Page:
Magic Magnets

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What You Do:

Learn about electrons in magnetic materials.

Explore properties of magnets and magnetic fields.

Recommended Lead-Up Lesson: Sticky Static, Circular Circuits

What You Need:


Bar Magnets ( 2 per group )

Ring Magnets ( 2 per group )

Paper Clip ( 1 per group )

String ( 1’ per group )

Masking Tape ( 1 roll per group )

Magic Magnets Presentation ( 1 per class )

Magic Magnets Worksheet ( 1 per student )

What’s Happening:

Magnetism, at its root, arises from two sources:

  • Electric currents or more generally, moving electric charges create magnetic fields (see Maxwell’s Equations).
  • Many particles have nonzero “intrinsic” (or “spin”) magnetic moments. Just as each particle, by its nature, has a certain mass and charge, each has a certain magnetic moment, possibly zero.

It was found hundreds of years ago that certain materials have a tendency to orient in a particular direction. For example ancient people knew that “lodestones,” when suspended from a string and allowed to freely rotate, come to rest horizontally in the North-South direction. Ancient Mariners used lodestones for navigational purposes.

In magnetic materials, sources of magnetization are the electrons’ orbital angular motion around the nucleus, and the electrons’ intrinsic magnetic moment (see electron magnetic dipole moment). The other sources of magnetism are the nuclear magnetic moments of the nuclei in the material which are typically thousands of times smaller than the electrons’ magnetic moments, so they are negligible in the context of the magnetization of materials. Nuclear magnetic moments are important in other contexts, particularly in nuclear magnetic resonance (NMR) and magnetic resonance imaging (MRI).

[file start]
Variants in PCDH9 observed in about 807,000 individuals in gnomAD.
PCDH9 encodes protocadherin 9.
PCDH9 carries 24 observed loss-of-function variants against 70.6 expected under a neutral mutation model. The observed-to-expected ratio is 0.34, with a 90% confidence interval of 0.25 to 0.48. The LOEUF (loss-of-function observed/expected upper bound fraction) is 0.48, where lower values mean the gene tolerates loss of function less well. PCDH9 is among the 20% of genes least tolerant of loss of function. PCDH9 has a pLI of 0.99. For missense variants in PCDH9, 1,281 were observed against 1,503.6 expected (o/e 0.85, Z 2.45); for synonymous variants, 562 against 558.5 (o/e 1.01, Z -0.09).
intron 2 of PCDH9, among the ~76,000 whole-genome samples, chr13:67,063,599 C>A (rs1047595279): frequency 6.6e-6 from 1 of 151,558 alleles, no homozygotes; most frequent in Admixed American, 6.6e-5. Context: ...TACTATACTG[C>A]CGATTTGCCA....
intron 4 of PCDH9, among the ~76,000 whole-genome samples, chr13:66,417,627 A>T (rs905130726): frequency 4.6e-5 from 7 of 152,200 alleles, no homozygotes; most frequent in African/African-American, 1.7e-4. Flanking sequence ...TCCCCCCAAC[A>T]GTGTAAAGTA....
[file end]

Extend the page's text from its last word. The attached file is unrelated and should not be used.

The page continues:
Ordinarily, the enormous number of electrons in a material are arranged such that their magnetic moments (both orbital and intrinsic) cancel out. This is due, to some extent, to electrons combining into pairs with opposite intrinsic magnetic moments as a result of the Pauli exclusion principle (see electron configuration), or combining into filled subshells with zero net orbital motion. In both cases, the electron arrangement is so as to exactly cancel the magnetic moments from each electron. Moreover, even when the electron configuration is such that there are unpaired electrons and/or non-filled subshells, it is often the case that the various electrons in the solid will contribute magnetic moments that point in different, random directions, so that the material will not be magnetic.

However, sometimes — either spontaneously, or owing to an applied external magnetic field — each of the electron magnetic moments will be, on average, lined up. Then the material can produce a net total magnetic field, which can potentially be quite strong.

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